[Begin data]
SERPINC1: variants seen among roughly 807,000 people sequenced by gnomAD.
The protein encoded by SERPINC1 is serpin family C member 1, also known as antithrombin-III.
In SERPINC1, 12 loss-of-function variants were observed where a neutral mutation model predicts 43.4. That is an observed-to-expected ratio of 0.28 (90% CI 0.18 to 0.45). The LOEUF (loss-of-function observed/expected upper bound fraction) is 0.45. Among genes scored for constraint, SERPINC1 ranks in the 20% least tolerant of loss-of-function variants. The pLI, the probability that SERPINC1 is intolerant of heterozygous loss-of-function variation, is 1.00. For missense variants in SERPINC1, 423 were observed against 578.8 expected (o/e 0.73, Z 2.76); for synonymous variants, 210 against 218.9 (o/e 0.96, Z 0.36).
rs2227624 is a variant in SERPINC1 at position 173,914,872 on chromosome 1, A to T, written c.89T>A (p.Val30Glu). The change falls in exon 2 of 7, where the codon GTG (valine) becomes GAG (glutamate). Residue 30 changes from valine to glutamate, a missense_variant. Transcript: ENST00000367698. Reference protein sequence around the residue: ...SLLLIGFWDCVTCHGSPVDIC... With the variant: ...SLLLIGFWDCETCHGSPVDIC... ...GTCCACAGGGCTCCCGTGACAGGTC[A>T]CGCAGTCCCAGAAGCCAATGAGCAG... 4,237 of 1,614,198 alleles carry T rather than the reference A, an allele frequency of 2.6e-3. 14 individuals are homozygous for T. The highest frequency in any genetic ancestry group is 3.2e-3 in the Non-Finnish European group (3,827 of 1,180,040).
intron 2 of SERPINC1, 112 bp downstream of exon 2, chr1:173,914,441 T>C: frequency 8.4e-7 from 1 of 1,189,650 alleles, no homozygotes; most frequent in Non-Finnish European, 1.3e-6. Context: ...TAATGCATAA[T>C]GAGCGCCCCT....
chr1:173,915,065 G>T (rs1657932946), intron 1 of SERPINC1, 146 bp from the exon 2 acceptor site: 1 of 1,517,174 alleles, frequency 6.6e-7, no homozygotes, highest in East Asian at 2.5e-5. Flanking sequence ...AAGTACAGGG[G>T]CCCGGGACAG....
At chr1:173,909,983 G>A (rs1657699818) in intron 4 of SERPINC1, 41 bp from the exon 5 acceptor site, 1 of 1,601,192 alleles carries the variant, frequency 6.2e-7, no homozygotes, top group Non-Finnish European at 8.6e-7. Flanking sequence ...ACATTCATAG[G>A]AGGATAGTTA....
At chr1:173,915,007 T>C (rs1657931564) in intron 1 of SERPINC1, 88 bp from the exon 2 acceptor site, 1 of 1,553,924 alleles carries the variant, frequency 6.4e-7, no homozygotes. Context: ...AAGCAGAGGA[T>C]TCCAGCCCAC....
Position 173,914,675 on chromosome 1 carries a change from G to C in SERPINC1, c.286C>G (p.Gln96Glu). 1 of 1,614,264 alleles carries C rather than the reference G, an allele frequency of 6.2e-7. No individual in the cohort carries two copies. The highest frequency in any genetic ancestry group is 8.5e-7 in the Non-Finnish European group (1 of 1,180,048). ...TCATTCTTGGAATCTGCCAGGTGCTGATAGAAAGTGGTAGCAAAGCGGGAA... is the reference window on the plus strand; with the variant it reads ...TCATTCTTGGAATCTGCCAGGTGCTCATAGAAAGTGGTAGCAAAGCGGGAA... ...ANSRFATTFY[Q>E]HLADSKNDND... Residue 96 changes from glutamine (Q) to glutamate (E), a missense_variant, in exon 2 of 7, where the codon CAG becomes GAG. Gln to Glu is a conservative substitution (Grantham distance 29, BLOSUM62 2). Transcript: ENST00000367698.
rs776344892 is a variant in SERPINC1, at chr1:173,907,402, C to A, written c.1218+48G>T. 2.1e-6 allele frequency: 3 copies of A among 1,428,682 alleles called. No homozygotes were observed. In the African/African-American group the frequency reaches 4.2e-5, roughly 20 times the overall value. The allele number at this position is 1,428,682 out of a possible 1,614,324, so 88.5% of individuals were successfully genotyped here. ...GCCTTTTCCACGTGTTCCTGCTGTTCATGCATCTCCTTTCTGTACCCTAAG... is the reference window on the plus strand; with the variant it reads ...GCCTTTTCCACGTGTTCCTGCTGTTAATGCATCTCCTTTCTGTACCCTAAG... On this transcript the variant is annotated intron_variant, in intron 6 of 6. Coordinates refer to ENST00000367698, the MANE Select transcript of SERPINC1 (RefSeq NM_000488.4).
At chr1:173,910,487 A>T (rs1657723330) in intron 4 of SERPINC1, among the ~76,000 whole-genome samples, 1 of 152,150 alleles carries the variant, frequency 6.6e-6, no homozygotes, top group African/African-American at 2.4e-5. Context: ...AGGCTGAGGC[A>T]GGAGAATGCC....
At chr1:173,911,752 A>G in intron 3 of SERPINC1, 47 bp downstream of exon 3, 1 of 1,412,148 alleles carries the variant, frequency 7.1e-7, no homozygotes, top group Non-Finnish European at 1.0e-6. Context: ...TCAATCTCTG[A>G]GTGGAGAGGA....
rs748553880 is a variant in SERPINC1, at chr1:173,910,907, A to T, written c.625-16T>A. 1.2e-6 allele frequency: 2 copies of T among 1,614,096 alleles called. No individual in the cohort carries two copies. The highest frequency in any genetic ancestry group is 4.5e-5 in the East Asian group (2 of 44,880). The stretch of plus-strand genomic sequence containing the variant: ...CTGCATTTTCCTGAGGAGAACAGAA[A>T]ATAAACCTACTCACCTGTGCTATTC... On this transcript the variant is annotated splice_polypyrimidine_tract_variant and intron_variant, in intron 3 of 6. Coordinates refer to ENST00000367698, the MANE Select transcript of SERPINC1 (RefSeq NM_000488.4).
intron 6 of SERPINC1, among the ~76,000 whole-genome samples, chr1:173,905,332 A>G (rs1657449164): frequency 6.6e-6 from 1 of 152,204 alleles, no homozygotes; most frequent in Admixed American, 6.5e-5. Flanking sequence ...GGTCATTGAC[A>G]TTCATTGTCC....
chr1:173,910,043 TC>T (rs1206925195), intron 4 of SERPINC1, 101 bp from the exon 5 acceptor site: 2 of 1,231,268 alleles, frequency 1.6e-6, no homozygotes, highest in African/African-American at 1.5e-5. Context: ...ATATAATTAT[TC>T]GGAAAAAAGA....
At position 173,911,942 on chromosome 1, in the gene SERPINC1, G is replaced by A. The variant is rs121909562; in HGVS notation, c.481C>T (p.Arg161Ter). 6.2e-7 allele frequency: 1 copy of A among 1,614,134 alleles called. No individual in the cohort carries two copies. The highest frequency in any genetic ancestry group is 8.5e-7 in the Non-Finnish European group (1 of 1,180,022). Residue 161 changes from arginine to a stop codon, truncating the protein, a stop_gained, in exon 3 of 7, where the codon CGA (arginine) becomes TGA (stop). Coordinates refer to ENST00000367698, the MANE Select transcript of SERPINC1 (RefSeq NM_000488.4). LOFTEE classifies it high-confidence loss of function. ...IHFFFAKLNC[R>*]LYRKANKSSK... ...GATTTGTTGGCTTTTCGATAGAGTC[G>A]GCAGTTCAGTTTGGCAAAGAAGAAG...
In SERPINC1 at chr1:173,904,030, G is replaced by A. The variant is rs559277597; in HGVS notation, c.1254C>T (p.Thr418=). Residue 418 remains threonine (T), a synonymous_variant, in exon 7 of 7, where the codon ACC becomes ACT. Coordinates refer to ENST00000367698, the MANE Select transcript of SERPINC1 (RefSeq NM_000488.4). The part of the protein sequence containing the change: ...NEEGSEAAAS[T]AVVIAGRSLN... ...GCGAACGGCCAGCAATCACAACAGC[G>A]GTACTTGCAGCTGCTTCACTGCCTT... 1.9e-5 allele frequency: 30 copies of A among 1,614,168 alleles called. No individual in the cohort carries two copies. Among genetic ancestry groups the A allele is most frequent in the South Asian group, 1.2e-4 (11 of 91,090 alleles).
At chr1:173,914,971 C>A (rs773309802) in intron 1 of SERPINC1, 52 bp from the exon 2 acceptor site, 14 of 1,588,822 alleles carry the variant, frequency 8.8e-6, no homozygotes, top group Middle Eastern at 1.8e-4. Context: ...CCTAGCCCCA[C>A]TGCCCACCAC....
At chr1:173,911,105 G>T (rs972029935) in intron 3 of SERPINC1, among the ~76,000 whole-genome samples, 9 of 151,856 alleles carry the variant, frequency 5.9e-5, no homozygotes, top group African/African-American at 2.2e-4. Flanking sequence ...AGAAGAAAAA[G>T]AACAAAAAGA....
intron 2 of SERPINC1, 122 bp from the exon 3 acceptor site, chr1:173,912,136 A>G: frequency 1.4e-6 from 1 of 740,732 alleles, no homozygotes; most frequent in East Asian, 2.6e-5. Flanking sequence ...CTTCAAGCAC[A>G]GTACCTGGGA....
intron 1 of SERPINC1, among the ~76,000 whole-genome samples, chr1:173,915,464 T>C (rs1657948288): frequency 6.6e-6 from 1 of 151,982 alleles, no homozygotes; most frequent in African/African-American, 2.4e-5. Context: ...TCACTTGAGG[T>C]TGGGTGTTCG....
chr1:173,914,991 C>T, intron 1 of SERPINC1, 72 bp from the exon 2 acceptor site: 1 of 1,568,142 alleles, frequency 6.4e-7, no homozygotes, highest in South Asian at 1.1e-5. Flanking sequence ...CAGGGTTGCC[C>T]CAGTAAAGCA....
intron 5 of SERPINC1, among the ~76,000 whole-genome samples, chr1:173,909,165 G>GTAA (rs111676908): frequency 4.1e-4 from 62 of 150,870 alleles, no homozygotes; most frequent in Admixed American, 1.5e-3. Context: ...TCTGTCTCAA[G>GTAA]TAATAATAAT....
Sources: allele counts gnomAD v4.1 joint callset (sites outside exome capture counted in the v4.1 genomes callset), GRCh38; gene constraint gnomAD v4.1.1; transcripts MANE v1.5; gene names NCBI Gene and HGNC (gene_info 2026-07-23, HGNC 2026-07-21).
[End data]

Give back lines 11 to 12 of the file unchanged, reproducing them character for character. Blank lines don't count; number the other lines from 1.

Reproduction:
At chr1:173,910,487 A>T (rs1657723330) in intron 4 of SERPINC1, among the ~76,000 whole-genome samples, 1 of 152,150 alleles carries the variant, frequency 6.6e-6, no homozygotes, top group African/African-American at 2.4e-5. Context: ...AGGCTGAGGC[A>T]GGAGAATGCC....
At chr1:173,911,752 A>G in intron 3 of SERPINC1, 47 bp downstream of exon 3, 1 of 1,412,148 alleles carries the variant, frequency 7.1e-7, no homozygotes, top group Non-Finnish European at 1.0e-6. Context: ...TCAATCTCTG[A>G]GTGGAGAGGA....